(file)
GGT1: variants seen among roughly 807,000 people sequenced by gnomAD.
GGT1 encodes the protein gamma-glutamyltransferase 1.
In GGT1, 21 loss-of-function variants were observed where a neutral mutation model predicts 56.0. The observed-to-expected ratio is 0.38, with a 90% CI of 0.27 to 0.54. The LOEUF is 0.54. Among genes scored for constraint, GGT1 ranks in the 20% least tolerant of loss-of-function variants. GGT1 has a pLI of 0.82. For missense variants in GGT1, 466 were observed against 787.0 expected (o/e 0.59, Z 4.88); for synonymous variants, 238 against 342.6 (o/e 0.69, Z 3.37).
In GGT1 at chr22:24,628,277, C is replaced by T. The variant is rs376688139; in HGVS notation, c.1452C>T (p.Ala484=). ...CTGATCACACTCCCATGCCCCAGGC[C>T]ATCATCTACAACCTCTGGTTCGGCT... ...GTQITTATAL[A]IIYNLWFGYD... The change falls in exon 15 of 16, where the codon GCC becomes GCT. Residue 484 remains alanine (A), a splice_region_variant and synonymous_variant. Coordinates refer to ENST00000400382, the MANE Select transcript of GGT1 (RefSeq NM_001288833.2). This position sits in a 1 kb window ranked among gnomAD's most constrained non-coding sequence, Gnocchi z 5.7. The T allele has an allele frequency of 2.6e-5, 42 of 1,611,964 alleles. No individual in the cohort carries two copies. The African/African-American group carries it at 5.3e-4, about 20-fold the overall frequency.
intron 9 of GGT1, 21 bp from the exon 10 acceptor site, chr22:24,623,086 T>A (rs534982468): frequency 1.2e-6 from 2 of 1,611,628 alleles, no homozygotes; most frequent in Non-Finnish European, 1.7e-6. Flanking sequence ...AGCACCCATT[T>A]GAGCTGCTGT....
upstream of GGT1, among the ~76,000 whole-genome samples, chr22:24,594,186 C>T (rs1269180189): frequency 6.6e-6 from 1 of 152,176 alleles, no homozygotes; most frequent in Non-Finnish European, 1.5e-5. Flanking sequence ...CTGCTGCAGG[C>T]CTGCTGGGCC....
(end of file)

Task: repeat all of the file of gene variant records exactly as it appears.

GGT1: variants seen among roughly 807,000 people sequenced by gnomAD.
GGT1 encodes the protein gamma-glutamyltransferase 1.
In GGT1, 21 loss-of-function variants were observed where a neutral mutation model predicts 56.0. The observed-to-expected ratio is 0.38, with a 90% CI of 0.27 to 0.54. The LOEUF is 0.54. Among genes scored for constraint, GGT1 ranks in the 20% least tolerant of loss-of-function variants. GGT1 has a pLI of 0.82. For missense variants in GGT1, 466 were observed against 787.0 expected (o/e 0.59, Z 4.88); for synonymous variants, 238 against 342.6 (o/e 0.69, Z 3.37).
In GGT1 at chr22:24,628,277, C is replaced by T. The variant is rs376688139; in HGVS notation, c.1452C>T (p.Ala484=). ...CTGATCACACTCCCATGCCCCAGGC[C>T]ATCATCTACAACCTCTGGTTCGGCT... ...GTQITTATAL[A]IIYNLWFGYD... The change falls in exon 15 of 16, where the codon GCC becomes GCT. Residue 484 remains alanine (A), a splice_region_variant and synonymous_variant. Coordinates refer to ENST00000400382, the MANE Select transcript of GGT1 (RefSeq NM_001288833.2). This position sits in a 1 kb window ranked among gnomAD's most constrained non-coding sequence, Gnocchi z 5.7. The T allele has an allele frequency of 2.6e-5, 42 of 1,611,964 alleles. No individual in the cohort carries two copies. The African/African-American group carries it at 5.3e-4, about 20-fold the overall frequency.
intron 9 of GGT1, 21 bp from the exon 10 acceptor site, chr22:24,623,086 T>A (rs534982468): frequency 1.2e-6 from 2 of 1,611,628 alleles, no homozygotes; most frequent in Non-Finnish European, 1.7e-6. Flanking sequence ...AGCACCCATT[T>A]GAGCTGCTGT....
upstream of GGT1, among the ~76,000 whole-genome samples, chr22:24,594,186 C>T (rs1269180189): frequency 6.6e-6 from 1 of 152,176 alleles, no homozygotes; most frequent in Non-Finnish European, 1.5e-5. Flanking sequence ...CTGCTGCAGG[C>T]CTGCTGGGCC....